Bahia lady cooking traditional food
Windswept coast near Salvador
Lift to old town Salvador
Old town Salvador
There is quite a blend of races in Salvador and the African culture plays a significant role in this city as well as providing many of the tourist attractions. Food is also very different here; in fact it varies a lot from state to state in Brazil. The weather in Salvador was wet and dry alternating wildly from one hour to the next. We often got caught in torrential downpours followed by a baking sun.
Nice outfits! Salvador
Gold in the Cathedral, Salvador
Old town, Salvador
Great architecture and colours
After two weeks we decided to head north to Recife without Cecilia. She was confident her wheel was on its way and would endeavor to catch us over the next couple of days and ride with us to Belem. We felt a bit down leaving Cecilia but she was full of confidence that her wheel would arrive and she would catch up.
African drums, Salvador
Everyone wears these in Brazil!
Coastline and lighthouse, Salvador
The weather was not good this Sunday and just after our departure at 11.00 am we had to stop and don the wet weather clothes even before we had left town. The road (BA099) was great with this particular highway having few trucks. Fortunately the rain did not last and we rode smooth pavement through rolling hills curving through coconut and sugar plantations for some 200 kms with the traffic being almost non existent. A short days riding we still covered over 400 kms due to the great road conditions and booked into the Hotel Imperial in Propria opposite the Town Plaza and Cathedral. It was a busy night outside as it was Sunday but we were oblivious to everything that night.
Should we dress in our wets?
We did and it rained
Great road, weather with coconut plantations
Coconuts and clothes drying north of Salvador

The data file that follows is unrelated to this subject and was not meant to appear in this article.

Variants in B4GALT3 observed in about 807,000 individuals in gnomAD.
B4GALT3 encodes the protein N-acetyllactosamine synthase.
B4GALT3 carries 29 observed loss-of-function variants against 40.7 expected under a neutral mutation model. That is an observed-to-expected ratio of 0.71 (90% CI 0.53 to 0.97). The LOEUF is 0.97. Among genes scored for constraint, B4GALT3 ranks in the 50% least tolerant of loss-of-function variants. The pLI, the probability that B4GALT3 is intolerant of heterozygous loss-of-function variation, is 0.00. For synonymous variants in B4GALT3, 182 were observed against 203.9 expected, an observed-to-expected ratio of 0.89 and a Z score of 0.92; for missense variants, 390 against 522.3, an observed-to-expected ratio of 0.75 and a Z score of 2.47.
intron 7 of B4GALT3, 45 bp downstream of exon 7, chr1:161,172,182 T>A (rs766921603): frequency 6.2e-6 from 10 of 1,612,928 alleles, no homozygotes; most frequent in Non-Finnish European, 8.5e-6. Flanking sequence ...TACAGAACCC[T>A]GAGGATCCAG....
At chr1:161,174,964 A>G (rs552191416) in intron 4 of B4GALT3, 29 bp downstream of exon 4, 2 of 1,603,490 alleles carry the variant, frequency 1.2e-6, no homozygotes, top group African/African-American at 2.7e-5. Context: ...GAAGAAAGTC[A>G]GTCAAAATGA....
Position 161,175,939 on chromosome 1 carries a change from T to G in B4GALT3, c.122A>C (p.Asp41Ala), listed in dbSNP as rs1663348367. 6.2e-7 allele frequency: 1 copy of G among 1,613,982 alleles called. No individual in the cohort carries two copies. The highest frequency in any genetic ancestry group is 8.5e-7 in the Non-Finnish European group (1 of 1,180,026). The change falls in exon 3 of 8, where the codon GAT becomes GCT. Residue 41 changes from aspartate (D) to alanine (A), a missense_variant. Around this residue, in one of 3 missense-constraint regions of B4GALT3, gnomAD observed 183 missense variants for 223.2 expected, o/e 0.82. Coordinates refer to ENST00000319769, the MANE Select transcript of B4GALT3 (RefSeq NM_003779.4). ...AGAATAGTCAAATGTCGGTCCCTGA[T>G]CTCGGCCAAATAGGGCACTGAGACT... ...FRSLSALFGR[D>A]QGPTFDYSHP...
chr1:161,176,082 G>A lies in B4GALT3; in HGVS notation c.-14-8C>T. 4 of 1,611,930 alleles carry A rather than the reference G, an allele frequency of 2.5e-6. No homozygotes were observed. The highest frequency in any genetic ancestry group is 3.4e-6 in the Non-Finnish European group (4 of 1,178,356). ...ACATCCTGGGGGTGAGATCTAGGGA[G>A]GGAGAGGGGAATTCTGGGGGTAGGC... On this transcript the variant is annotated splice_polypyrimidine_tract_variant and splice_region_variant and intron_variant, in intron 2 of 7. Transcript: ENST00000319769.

Nice Hotel Propria
Another great breakfast and we hit the road early and what a road it was…fantastic. Plenty of traffic with trucks being the biggest hindrance to our progress. There are so many trucks in Brazil but the road quality and infrastructure has difficulty coping. Many Brazilians warn us about the volume of trucks on the road. Once again the weather changes and we don our wets but not before we get a good soaking. The clouds look darkest inland so we headed towards the coast just north of Messias but here the road turns really bad with the locals filling in the worst potholes with red clay which then turns into a large boggy mess. We rode through three and decided our chances of making better times were better back on the main highway.
This load was NOT tied down!!!
Donning the wets!!
Near Palmares the rain stopped but the road turns into a nightmare. The pavement is totally destroyed by the weather with cars and trucks wandering from one side of the road to the other looking for a smoother path. We bottom out hard on one of the holes and decide to stop for lunch as we watch big dark clouds swirl ahead. While eating a young guy from the café cleans the headlight of the bike and a local biker presents us with a sticker from his club.
The cloud refused to move on so we rode smack bang into the heaviest downpour we have had in Brazil. It continued for several kms with the road varying from a smooth new concrete highway to detours along the badly potholed old highway then back to a newly rolled hot mix surface. Such contrasts. The traffic increased along with the lack of patience with a lot of drivers. We road into Recife dead on 5.00pm… peak hour!!!
Potholes, Desvio (detour) and rain north of Palmares
Recife is also cursed with numerous one way roads that never appear to be noted on maps however we have been quick to adapt to this and were able to locate the area where our “Guide Book” indicated there was a good hostel. Now the word “Guide” is a term that should only be used loosely with this publication as their maps and where they put the important dots do not exactly correspond. Our efforts succeeded despite this misinformation after we employed the tried and true S.A.G. method. (Stop. Ask. Go.!!!!)